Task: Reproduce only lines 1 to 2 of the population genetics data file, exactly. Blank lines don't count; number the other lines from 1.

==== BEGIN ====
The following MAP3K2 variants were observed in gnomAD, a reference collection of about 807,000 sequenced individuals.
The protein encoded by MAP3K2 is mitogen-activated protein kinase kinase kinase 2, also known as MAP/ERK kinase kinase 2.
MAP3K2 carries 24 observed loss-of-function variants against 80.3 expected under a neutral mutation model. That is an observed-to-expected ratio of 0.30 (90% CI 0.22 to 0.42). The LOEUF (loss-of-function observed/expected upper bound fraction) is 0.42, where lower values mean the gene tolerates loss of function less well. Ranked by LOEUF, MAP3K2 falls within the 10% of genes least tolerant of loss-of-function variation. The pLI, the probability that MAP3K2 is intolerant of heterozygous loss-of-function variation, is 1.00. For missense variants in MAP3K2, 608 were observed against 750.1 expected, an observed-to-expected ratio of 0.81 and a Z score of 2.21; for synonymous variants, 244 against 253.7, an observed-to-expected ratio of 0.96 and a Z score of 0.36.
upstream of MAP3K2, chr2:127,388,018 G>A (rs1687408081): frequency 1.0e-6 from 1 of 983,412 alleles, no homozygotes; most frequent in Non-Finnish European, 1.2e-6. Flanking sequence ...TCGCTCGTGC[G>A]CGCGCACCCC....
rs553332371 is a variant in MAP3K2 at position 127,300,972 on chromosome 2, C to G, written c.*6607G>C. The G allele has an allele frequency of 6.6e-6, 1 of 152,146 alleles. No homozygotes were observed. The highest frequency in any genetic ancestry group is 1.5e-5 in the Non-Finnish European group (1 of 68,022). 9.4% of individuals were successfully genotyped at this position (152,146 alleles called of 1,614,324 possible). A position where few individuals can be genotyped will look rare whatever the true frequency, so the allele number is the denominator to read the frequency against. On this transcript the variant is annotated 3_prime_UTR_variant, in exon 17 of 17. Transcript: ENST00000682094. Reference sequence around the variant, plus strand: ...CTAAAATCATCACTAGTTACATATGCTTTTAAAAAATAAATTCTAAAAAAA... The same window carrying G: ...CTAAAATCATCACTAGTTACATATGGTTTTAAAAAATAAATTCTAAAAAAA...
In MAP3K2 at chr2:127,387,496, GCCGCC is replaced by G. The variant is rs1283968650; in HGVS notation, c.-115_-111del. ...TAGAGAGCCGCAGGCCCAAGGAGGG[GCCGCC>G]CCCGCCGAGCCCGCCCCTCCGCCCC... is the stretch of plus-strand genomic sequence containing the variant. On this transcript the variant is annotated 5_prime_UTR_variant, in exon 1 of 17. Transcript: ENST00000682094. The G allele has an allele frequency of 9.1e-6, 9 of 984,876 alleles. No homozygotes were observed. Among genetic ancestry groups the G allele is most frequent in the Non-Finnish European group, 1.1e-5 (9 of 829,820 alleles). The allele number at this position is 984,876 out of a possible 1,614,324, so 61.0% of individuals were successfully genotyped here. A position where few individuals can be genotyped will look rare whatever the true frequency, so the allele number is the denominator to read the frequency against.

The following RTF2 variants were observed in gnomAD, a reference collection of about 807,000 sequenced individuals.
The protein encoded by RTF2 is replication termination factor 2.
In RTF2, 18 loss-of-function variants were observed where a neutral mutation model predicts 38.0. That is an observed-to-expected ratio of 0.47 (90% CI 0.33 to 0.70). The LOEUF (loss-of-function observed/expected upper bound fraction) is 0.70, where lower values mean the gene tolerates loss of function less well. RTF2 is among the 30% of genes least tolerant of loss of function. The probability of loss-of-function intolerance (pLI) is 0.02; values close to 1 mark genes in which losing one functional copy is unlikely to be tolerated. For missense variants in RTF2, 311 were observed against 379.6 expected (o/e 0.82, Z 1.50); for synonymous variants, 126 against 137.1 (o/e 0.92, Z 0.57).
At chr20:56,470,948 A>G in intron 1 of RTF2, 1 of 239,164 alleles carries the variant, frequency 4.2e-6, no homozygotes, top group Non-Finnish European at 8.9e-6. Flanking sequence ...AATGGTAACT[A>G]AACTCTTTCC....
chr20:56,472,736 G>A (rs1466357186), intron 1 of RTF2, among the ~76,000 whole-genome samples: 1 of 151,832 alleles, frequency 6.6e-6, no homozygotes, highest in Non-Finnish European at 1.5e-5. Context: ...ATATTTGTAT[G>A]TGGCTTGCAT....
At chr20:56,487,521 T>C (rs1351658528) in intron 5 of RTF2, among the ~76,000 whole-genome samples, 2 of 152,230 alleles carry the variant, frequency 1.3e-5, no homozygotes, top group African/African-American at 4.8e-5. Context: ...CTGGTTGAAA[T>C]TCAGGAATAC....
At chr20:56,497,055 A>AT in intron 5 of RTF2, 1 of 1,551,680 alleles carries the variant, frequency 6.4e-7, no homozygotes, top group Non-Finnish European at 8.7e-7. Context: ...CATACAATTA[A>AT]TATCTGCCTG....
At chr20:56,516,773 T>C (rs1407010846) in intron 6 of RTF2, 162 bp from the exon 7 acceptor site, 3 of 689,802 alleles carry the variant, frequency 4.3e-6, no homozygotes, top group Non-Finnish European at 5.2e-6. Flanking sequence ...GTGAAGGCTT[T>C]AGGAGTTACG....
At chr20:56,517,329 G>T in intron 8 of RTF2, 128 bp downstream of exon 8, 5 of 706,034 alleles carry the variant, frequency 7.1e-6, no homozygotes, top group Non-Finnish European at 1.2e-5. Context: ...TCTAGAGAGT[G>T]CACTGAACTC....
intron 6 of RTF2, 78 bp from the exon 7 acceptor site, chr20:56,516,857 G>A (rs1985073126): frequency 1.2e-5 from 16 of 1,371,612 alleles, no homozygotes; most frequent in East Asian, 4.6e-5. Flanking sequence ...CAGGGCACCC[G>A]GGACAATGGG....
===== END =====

The following MAP3K2 variants were observed in gnomAD, a reference collection of about 807,000 sequenced individuals.
The protein encoded by MAP3K2 is mitogen-activated protein kinase kinase kinase 2, also known as MAP/ERK kinase kinase 2.